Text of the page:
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Why You Shouldn't Shy Away From Feelings as a Communicator

Updated: Jul 19, 2023

Think of a speaker you heard years ago. How did they make you feel? Excited, angry, curious? You may not have always liked the feeling; however, the difference between a moment we remember and a moment we forget is the emotional effect it had on us.

By Stephanie Bickel and Madina Behori

Therefore, if we want to be remembered by our audiences, we need to elicit feelings in them. What feelings do you want your audience to have? Here are some examples of what most professionals tell us: "I want my listeners to feel..."

  1. heard

  2. reassured

  3. confident

  4. engaged

  5. inspired

  6. motivated

  7. enthusiastic

  8. calm

  9. safe

  10. trusted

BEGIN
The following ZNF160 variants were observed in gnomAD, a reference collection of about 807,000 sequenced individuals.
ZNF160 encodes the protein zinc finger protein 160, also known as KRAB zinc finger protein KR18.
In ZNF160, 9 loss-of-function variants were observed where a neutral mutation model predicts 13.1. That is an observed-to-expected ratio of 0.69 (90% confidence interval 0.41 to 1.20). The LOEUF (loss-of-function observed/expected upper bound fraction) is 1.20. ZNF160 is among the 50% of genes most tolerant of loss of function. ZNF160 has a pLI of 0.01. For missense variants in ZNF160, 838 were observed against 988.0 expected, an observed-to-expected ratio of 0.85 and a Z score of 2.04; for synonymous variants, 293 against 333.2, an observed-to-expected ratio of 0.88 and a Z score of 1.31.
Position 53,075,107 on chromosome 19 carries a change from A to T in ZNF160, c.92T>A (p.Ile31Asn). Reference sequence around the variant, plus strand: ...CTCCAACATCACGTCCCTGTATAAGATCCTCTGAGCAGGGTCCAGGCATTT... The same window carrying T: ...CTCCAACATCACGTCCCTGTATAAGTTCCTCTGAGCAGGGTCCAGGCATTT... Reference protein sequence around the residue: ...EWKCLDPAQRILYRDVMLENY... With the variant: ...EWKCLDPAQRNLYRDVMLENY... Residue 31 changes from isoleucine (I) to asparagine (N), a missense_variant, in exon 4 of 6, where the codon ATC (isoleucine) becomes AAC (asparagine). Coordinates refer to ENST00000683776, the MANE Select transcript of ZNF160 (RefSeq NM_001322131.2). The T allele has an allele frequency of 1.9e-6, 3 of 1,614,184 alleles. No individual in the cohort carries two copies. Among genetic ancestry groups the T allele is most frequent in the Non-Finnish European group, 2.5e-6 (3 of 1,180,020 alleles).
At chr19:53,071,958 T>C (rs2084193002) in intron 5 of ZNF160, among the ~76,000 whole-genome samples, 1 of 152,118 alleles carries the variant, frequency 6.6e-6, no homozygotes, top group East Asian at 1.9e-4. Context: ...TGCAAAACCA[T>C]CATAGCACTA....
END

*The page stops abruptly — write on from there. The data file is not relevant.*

11. supported

  12. relieved

  13. secure

  14. convinced

  15. understood

  16. open

  17. comfortable

  18. enlightened

  19. impressed

  20. smart

  21. secure

  22. relaxed

  23. happy

Feelings fuel actions and actions lead to results. Therefore, if you want your audience to feel something, you must convey this verbally, vocally, and visually. This means what you say, how you say it, and your body language while you say it.

For example, if you want your audience to feel understood, then pay attention to the words they repeat and adopt their language (verbal). If you want your audience to feel enthusiastic, then use a more motivational vocal style; this is a voice that is varied in pitch, pace, and volume (vocal). If you want your audience to feel relaxed, then remove all tension from your body and be more fluid in your gestures (visual).

It's all about being more intentional with your communication.

This is what it means to speak by design.


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